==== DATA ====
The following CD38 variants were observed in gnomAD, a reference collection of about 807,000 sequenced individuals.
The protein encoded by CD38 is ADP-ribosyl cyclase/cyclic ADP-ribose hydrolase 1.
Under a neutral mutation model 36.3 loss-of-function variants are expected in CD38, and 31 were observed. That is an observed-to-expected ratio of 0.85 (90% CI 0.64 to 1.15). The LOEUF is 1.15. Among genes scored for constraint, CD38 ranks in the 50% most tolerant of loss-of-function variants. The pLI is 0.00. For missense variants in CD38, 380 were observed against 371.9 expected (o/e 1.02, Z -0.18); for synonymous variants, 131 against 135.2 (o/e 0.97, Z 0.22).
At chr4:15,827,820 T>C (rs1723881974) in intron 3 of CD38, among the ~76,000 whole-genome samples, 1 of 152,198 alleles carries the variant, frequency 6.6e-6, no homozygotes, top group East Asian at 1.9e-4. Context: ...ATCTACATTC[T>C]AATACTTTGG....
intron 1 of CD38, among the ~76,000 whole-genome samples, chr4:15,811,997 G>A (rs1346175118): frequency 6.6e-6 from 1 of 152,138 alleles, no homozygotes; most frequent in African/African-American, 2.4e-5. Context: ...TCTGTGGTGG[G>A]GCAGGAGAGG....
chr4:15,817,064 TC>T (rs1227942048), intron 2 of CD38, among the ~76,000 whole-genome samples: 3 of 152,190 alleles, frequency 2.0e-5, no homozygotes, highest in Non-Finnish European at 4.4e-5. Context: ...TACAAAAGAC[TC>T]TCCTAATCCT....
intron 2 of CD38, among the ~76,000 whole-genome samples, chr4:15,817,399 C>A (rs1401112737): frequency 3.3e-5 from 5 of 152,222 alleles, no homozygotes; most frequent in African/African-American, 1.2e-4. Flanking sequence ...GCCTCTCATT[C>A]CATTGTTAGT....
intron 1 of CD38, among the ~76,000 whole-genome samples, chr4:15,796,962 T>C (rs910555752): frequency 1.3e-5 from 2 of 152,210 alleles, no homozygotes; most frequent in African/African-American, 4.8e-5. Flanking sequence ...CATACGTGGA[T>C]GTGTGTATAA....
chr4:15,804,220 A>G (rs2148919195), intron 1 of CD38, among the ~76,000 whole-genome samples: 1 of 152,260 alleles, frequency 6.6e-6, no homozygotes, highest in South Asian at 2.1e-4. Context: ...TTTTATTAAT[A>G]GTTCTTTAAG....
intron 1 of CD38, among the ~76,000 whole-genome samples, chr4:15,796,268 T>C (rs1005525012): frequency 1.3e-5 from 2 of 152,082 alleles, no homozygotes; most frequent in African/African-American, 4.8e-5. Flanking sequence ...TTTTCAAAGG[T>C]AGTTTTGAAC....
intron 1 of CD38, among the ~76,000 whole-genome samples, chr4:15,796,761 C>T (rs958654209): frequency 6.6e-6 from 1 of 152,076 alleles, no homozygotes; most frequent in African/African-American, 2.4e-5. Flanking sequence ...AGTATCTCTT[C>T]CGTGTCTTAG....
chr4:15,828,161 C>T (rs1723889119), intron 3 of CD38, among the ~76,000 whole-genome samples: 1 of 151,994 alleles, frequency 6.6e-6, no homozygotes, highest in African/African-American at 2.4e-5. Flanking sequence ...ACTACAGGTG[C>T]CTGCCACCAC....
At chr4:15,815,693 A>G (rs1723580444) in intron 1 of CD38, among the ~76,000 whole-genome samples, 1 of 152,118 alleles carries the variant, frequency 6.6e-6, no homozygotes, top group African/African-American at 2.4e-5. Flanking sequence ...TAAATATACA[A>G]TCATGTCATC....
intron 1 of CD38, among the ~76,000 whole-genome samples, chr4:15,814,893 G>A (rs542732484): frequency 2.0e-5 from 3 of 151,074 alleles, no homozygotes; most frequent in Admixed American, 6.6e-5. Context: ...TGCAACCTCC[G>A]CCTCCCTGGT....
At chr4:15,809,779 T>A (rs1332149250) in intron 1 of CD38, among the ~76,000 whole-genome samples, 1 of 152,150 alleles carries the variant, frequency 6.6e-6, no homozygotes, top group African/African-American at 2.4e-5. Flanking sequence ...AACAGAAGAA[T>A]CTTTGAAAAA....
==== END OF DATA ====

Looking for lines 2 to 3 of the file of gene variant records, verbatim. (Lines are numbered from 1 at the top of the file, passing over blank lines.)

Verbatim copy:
The protein encoded by CD38 is ADP-ribosyl cyclase/cyclic ADP-ribose hydrolase 1.
Under a neutral mutation model 36.3 loss-of-function variants are expected in CD38, and 31 were observed. That is an observed-to-expected ratio of 0.85 (90% CI 0.64 to 1.15). The LOEUF is 1.15. Among genes scored for constraint, CD38 ranks in the 50% most tolerant of loss-of-function variants. The pLI is 0.00. For missense variants in CD38, 380 were observed against 371.9 expected (o/e 1.02, Z -0.18); for synonymous variants, 131 against 135.2 (o/e 0.97, Z 0.22).